The words ‘next general meeting’ in this provision appears to render the provision ambiguous. However, it will not be so ambiguous if it is read in conjunction with paragraph 12, Second Schedule of the SMA, as shown below:-
Notice of general meeting
(1) At least fourteen days’ notice of any general meeting shall be given to every proprietor.
(2) Every notice for a general meeting shall include but not be limited to the following:
a. the place, date and time for the meeting;
b. each proposed resolution to be considered at the meeting; and
c. a notification to each proprietor of his voting rights and that he may vote in person or by proxy at the meeting.
(3) In the case of an annual general meeting, the notice in subparagraph (2) shall also—
a. be accompanied by a copy of the minutes of the last annual general meeting;
b. be accompanied by a copy of the audited accounts together with the auditor’s report on the accounts of the management corporation; and
c. specify any other matters to be considered at the meeting.
(4) No motion shall be submitted at a general meeting unless—
a. notice of the motion has been given in accordance with this paragraph; or
b. the motion is a motion to amend a motion of which notice has been so given.”
Any property owner who requires inclusion in the agenda of the MC’s next general meeting may serve a notice in writing to the MC and if at the time of the submission of the written request, notices have been given in respect of an upcoming general meeting, the said motion shall only be included in the agenda of the following general meeting.
The rationale is that if new inclusions into an agenda are allowed after the notices of general meeting have been served, owners who did not attend the meeting may not be aware of the additional motion requested. It is also to avoid submission of contentious motions in hopes that they will be carried without the knowledge of non-attending owners.
Until our Parliament amends the law or the Courts of Law further clarifies on this issue, HBA will take the view that no new fresh motion will be allowed unless there is at least 14-day notification to every owner. Of note is that, the SMA does not prohibit owners from submitting fresh motions at any time of the year even in the absence of any notice convening a general meeting.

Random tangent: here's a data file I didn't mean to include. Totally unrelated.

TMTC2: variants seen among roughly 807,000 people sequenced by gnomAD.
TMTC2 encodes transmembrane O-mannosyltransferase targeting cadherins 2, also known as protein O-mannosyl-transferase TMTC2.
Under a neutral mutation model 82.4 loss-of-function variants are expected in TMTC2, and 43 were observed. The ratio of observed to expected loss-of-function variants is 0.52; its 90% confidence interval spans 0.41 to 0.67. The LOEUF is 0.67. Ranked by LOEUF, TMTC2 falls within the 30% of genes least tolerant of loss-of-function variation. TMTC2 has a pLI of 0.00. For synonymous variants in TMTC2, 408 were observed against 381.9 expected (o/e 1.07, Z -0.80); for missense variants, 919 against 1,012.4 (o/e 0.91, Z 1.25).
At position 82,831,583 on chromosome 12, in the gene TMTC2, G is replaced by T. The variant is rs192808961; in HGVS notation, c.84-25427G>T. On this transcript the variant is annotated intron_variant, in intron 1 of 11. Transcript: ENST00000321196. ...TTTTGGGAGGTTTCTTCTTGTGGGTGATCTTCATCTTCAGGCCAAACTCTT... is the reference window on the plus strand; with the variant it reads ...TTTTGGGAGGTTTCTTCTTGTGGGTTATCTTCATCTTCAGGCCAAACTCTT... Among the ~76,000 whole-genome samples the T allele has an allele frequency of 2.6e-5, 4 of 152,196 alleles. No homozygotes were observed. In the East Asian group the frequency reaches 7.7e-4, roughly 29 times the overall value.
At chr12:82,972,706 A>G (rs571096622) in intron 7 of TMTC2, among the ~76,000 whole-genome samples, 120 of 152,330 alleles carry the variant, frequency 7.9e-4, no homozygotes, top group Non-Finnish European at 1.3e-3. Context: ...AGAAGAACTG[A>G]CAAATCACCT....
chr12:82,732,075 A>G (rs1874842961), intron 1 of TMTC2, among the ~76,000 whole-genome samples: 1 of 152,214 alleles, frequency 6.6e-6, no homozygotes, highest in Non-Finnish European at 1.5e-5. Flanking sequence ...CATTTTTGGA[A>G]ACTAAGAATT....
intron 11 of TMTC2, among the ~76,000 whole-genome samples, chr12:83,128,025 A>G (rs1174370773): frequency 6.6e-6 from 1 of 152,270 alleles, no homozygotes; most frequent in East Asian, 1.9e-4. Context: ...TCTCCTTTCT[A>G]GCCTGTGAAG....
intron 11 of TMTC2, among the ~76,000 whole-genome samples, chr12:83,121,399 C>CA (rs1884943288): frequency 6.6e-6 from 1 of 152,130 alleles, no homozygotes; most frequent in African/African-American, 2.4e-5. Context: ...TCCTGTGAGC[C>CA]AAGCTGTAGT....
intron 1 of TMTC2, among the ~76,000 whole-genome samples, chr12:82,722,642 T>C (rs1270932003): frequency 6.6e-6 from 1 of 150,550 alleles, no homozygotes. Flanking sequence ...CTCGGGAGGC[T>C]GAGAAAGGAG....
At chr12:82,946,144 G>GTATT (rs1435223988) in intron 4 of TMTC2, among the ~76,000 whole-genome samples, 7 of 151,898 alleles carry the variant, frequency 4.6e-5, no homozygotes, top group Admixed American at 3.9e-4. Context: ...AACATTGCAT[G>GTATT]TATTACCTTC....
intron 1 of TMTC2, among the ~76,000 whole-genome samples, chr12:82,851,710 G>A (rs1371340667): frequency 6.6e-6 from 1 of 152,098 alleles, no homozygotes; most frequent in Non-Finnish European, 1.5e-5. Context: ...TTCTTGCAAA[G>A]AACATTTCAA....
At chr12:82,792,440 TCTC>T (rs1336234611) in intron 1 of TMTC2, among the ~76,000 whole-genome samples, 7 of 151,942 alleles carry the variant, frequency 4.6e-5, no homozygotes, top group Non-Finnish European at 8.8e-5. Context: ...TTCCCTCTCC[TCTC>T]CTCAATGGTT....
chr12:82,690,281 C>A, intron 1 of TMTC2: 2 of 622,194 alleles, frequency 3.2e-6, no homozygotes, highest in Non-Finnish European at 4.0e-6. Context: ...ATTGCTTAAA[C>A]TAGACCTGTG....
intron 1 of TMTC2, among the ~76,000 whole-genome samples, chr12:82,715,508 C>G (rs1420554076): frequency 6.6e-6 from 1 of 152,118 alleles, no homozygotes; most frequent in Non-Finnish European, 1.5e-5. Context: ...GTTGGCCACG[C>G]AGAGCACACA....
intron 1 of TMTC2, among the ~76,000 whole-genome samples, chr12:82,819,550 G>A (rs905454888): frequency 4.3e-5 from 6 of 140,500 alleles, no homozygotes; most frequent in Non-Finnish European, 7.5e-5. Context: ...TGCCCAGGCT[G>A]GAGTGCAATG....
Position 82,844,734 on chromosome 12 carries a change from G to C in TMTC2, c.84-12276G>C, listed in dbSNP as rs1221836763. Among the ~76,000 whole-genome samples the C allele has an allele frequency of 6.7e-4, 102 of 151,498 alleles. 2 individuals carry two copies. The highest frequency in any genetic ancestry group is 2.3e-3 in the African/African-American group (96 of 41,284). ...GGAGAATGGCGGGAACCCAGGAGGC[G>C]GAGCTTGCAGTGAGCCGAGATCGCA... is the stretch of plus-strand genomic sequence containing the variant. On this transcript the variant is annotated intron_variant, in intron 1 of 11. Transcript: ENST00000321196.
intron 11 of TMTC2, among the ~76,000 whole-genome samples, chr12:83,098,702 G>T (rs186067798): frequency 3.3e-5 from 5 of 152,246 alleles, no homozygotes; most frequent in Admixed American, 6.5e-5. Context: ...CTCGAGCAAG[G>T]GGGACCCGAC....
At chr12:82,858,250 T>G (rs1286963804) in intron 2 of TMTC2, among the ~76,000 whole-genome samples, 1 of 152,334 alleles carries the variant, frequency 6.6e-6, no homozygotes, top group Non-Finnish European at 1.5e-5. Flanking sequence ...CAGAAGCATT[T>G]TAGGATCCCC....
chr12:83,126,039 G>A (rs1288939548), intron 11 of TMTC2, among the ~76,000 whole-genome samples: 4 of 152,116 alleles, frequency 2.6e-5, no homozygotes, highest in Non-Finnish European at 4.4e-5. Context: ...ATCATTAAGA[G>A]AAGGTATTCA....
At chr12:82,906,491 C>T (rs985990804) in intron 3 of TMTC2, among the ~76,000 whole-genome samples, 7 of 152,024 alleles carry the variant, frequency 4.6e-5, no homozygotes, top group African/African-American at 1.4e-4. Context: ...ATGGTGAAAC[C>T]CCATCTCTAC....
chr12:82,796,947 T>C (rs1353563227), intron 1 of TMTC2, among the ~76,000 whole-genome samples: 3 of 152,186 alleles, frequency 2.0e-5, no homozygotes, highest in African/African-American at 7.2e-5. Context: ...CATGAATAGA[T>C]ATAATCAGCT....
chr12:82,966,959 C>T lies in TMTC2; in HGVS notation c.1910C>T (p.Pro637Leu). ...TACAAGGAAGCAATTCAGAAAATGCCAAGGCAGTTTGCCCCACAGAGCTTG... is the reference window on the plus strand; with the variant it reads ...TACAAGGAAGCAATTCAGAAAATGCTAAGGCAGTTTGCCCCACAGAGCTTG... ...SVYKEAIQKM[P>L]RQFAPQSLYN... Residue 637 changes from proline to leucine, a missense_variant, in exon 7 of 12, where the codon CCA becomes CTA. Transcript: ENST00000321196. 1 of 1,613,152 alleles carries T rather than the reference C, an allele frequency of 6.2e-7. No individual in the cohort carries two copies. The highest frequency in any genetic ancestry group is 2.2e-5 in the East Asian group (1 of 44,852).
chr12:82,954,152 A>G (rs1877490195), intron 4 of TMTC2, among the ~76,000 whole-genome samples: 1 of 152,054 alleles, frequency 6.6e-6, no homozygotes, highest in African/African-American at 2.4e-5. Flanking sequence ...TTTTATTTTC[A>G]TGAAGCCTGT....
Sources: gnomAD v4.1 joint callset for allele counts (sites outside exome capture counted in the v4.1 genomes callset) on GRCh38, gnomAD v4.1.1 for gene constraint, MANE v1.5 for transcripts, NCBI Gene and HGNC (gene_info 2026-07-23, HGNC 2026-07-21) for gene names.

Rejection of motion submitted by owners
Can the management body refuse to include a motion submitted by owners, into the agenda of the next general meeting?
Paragraph 13(2) of the Second Schedule shows that it is mandatory for the management body to include a motion submitted by the owners into the agenda of the next general meeting. This also applies to a motion to amend any existing motions as set out in the agenda of the notice for the upcoming general meeting.
Deciding matters at general meeting by poll
There are also queries whether a demand for a poll in deciding matters during general meeting needs to be agreed by the majority of the persons entitled to vote. Paragraph 17(1), Second Schedule of the SMA provides that it is sufficient for one owner to demand for a poll hence there is no requirement for the majority to agree.
Similarly, pursuant to paragraph 17(4), Second Schedule of the SMA, the demand for poll can only be withdrawn by the person who makes the demand.
It is expected more uncertainties or lacuna in the SMA and its Regulations will arise, be argued, tested and clarified by the Courts of Law. HBA has made proposals for the amendments to the SMA and Regulations in view of the many existing uncertainties. Hopefully, the ambiguities in the strata management legislations can be resolved shortly.